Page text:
Business Owners, Lawmakers Agree That Experimenting With Main Street Changes Might Help Economy Rebound


There may be areas of tension between local lawmakers and business owners, and even between shopkeepers and restaurateurs, as far as how to best move forward to reopen the local economy, with the summer season quickly approaching and the number of coronavirus cases waning here.

But one thing everyone can agree on is that a “bottom-up” approach, with businesses having a key voice, rather than “top-down” dictates from the federal and state government officials should be used to formulate the road map to recovery.

A panel of experts shared their vision for the shape of downtown business districts post-crisis at the Express News Group’s virtual Express Sessions forum “Reenvisioning Main Street in the Time of Coronavirus,” on Thursday, May 21. All expressed a measure of frustration that, at times, they felt like their voices weren’t being heard.

They insisted that local residents and business owners could best understand and anticipate the unique characteristics of the region and the distinctive trials that local businesses will face as the economy begins to loosen up in the coming weeks. One size does not fit all when it comes to geographic areas, they said — or to types of businesses.

Thursday’s panel included Sag Harbor retailer David Brogna, restaurateur David Hersh, restaurateur Mark Smith, East Hampton Town Supervisor Peter Van Scoyoc, Sag Harbor Village Mayor Kathleen Mulcahy, Southampton Village Mayor Jesse Warren, and infectious disease prevention specialists Patty Mupo and Holly Fischer from Peconic Bay Medical Center in Riverhead.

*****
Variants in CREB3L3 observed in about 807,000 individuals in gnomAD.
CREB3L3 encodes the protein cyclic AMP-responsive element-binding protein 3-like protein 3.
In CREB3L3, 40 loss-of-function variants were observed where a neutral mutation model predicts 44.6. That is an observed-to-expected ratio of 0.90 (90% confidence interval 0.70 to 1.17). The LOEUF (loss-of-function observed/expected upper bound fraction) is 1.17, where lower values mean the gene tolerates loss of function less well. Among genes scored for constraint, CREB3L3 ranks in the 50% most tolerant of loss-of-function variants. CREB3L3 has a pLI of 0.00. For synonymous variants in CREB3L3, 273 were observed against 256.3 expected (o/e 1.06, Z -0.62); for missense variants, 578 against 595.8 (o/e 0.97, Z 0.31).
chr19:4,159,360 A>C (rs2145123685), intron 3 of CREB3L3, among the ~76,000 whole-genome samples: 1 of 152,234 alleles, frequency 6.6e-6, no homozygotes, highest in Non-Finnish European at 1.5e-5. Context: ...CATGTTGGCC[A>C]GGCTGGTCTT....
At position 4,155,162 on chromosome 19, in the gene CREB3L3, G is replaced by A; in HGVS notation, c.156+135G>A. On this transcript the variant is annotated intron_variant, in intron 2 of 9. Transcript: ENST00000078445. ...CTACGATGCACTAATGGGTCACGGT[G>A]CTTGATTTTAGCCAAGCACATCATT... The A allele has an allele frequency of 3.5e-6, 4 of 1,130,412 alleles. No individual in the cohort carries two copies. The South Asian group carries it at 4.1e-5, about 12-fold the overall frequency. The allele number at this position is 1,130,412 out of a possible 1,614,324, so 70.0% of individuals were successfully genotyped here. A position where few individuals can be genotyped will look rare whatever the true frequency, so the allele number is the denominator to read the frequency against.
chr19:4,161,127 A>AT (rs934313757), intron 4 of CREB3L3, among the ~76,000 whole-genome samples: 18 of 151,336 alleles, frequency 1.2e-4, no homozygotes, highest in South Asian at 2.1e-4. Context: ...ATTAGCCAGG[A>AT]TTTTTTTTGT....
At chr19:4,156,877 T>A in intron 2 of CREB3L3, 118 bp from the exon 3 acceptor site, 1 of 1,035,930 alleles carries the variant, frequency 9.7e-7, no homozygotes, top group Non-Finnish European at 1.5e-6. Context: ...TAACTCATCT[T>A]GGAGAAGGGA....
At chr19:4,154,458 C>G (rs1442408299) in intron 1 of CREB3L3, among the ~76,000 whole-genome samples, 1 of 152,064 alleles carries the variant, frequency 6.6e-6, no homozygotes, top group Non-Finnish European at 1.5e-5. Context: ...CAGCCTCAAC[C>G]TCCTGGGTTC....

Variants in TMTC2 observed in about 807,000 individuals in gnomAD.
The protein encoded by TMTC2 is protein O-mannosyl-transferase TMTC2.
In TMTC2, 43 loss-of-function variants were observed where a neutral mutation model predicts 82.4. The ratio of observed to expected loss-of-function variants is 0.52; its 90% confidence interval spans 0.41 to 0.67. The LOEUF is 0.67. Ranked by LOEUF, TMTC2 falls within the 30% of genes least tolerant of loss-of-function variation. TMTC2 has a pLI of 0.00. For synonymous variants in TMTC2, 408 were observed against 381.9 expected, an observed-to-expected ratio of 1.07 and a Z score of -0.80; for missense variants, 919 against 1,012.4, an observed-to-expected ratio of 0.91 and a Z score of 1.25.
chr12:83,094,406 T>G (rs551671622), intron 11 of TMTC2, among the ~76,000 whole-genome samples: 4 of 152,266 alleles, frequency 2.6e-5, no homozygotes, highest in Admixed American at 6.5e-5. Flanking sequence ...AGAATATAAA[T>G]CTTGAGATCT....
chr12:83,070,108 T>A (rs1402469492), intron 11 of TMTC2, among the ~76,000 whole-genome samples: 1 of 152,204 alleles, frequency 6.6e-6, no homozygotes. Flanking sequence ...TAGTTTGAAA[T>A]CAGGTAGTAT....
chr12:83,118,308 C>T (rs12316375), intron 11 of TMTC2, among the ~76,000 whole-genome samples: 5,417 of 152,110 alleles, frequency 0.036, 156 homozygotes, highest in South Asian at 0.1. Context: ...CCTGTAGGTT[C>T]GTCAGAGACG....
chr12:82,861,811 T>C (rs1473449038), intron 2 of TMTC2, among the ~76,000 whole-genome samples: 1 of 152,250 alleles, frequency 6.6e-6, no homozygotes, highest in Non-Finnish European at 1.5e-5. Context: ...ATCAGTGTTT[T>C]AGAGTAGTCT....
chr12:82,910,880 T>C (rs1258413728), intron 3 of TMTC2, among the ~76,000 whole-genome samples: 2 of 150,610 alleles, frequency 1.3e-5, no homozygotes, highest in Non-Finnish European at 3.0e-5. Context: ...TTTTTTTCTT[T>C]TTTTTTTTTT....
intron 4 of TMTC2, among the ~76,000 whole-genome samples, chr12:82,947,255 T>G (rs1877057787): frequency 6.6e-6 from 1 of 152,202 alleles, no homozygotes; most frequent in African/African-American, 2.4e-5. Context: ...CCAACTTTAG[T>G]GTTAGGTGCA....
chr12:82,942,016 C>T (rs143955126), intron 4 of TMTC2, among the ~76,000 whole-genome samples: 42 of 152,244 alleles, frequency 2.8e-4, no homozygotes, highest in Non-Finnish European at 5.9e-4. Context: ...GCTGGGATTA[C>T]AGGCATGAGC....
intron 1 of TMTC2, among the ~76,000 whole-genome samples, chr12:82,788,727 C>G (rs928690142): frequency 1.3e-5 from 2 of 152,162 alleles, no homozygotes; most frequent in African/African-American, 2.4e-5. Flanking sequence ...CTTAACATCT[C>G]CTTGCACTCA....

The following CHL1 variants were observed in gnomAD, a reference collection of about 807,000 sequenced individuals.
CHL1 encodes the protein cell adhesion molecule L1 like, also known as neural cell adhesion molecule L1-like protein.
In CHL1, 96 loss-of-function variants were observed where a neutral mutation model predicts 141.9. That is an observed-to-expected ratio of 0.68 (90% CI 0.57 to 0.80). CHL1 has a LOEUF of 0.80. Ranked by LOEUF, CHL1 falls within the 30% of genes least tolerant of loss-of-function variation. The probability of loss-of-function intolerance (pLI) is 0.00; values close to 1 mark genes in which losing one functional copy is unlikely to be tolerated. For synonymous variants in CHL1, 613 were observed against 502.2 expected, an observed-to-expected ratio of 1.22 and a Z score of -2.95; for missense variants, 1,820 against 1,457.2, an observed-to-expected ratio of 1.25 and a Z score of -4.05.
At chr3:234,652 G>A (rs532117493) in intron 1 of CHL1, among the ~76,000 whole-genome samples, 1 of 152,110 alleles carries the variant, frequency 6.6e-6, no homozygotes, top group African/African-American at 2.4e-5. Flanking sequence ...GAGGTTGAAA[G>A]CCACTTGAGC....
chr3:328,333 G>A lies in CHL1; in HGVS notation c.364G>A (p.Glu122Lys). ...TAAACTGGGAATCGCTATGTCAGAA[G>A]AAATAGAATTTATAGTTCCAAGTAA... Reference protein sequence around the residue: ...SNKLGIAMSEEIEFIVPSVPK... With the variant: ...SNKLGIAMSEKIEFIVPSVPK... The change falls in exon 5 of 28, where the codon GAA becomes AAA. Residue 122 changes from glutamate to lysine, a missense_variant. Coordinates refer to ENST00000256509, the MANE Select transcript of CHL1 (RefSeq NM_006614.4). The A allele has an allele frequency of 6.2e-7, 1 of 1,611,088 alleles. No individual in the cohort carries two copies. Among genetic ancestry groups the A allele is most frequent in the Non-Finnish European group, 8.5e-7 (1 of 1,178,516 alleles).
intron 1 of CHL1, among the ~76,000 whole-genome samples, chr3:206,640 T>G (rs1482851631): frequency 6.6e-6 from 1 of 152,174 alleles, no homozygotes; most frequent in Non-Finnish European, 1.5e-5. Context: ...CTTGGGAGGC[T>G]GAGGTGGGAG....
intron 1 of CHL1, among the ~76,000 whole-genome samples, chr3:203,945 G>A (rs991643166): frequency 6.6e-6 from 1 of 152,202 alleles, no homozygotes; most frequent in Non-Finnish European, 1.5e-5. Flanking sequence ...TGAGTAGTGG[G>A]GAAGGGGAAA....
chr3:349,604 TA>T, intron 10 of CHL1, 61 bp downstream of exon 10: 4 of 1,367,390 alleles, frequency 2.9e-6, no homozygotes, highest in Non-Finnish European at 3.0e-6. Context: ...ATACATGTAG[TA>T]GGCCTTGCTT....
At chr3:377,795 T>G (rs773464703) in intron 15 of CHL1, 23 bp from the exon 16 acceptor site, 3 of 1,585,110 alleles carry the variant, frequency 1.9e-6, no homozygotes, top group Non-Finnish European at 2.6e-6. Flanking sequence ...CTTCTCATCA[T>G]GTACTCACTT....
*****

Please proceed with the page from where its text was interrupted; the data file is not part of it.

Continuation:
The forum was moderated by Express News Group Executive Editor Joseph P. Shaw. Express News Group Co-Publisher Gavin Menu kicked off the event. Nearly 100 community members attended the event via the Zoom video conference platform.

The panel addressed a number of issues surrounding plans to reopen the retail and food service industries, local government’s role in helping to maintain social distancing and other safety requirements, debated plans to restrict or eliminate parking in business districts, outdoor dining as an option for restaurants, how employees and consumers can best practice social distancing and safe hygiene, a host of other issues.

Can Government Pivot?

Many panelists acknowledged that the pandemic might offer a “silver lining” of sorts, allowing both businesses and municipalities the opportunity to implement new ideas — or old proposals that were, in the past, scuttled or abandoned for various reasons — on a trial basis, to see what might work on a case-by-case basis.

Mr. Shaw noted that “government tends to move very slowly” and asked the lawmakers on the panel whether ideas — some of which have actually been talked about for years — to remake Main Street business districts, in light of the pandemic, can now be accomplished, or at least tested.